The Centers for Disease Control and Prevention (CDC) ended recommendations for social distancing and quarantine after exposure to COVID-19. In addition, a new study suggests that mRNA vaccines are safe during pregnancy.
As of August 10, the 7-day moving average of daily new cases was 103,614. It decreased 13.8% compared with the previous 7-day moving average (120,151), according to the CDC Covid Data Tracker Weekly Review.
Test positivity is 18%, and test volume is down, suggesting that many cases are undetected due to unreported home testing and people simply not testing as much with reinfections.
The 7-day moving average of new deaths remains around 400.
As of August 11, 2022, there were 1,275 (39.6%) counties, districts, or territories with a high COVID-19 Community Level, 1,309 (40.7%) counties with a medium Community Level, and 636 (19.8%) counties with a low Community Level.
The Omicron subvariants BA.4 and BA.5 remain predominant in the US, accounting for 5.3% and 88.8% of cases, respectively.
The CDC updates COVID-19 guidance
The CDC on Thursday updated guidelines on COVID-19 control measures. The agency ended quarantine for people who have been exposed to the disease but remain asymptomatic, regardless of their vaccination status.
Social distancing that was put in place at the very beginning of the pandemic is also no longer recommended.
The new guidance means changes in COVID-19 prevention efforts at schools, as it no longer recommends cohorting — limiting contacts by keeping students in the same group.
Additionally, the CDC dropped the test-to-stay (TTS) practice. Instead, students and staff who have been exposed to the disease and do not show symptoms are recommended to wear a high-quality mask for ten days and get tested on day five.
The TTS strategy was evaluated in several school districts, including Los Angeles, California. The non-TTS schools lost over 92,000 in-person school days, while the TTS schools lost none. The secondary infection risk was 0.7%.
The FDA recommends three at-home tests
The US Food and Drugs Administration (FDA) issued a recommendation to take three at-home COVID-19 antigen tests instead of two in order to reduce the risk of false negative results.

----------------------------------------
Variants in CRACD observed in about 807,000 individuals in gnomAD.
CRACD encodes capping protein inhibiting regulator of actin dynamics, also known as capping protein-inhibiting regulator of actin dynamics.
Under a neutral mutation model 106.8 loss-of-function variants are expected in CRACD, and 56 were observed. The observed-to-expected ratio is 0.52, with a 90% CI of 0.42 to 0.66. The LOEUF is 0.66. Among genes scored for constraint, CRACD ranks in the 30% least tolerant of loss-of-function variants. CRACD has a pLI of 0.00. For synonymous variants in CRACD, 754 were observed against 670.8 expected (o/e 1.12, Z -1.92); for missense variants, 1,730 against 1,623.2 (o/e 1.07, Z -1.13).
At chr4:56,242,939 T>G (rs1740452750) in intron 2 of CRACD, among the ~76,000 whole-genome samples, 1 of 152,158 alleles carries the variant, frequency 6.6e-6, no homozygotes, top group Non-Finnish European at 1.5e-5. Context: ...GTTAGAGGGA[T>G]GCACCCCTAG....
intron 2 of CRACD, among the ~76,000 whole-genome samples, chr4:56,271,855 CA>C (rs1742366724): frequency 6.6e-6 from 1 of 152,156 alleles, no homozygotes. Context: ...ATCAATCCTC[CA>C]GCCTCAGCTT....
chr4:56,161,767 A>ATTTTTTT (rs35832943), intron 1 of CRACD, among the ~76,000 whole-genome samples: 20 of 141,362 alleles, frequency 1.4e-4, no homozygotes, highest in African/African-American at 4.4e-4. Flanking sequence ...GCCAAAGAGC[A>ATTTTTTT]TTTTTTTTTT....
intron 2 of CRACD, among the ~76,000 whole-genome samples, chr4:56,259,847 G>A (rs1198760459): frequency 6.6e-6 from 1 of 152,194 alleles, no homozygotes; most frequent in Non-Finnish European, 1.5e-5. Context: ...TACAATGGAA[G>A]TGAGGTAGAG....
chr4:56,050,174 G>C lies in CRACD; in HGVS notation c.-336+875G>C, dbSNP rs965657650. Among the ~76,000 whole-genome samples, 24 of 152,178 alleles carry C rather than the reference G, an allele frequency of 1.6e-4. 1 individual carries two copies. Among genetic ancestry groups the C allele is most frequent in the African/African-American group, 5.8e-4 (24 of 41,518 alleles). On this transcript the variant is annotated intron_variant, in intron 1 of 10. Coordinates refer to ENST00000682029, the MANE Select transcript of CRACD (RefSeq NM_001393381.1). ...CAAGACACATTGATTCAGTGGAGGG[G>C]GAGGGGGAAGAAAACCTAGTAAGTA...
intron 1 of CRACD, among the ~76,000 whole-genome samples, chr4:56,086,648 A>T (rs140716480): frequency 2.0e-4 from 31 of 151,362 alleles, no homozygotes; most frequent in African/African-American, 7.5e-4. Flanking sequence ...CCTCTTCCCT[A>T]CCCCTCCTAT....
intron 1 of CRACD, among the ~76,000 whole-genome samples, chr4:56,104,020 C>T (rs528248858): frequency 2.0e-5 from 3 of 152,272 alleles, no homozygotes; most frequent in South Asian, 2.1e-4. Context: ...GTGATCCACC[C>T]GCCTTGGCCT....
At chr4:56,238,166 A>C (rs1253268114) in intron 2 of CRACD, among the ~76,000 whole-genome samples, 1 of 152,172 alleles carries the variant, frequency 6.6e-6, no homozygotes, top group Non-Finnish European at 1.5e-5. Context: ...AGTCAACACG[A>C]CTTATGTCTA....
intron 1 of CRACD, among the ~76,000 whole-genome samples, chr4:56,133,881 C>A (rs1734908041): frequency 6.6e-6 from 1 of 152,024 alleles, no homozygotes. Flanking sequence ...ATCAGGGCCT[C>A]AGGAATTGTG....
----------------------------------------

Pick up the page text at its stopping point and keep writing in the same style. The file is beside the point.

The new guidance applies to asymptomatic people who have been exposed to the disease, while people who show symptoms can continue using two tests.
COVID-19 vaccines are safe during pregnancy
A new study, published in the peer-reviewed journal The Lancet, suggests that COVID-19 mRNA vaccines are safe during pregnancy. In an analysis which adjusted for age, trimester, and previous COVID-19 infection, pregnant vaccinated women vs. pregnant unvaccinated controls were 2.4 times as likely to have a significant health event within seven days of dose 2 with any mRNA vaccine and 4.4x as likely after dose 2 of Moderna.
According to the study's authors, significant health events require time off work or school or medical attention. Headaches, fatigue, and a general feeling of being unwell were the most commonly reported health events.
The study, conducted by the Canadian National Vaccine Safety Network, suggests that vaccination should be encouraged given the increased risk of serious COVID-19 illness among pregnant women compared to non-pregnant individuals.
Reassuringly, the authors also report that pregnant women experienced lower rates of side effects after vaccination compared with non-pregnant vaccinated women.
1. CDC. Covid Data Tracker Weekly Review.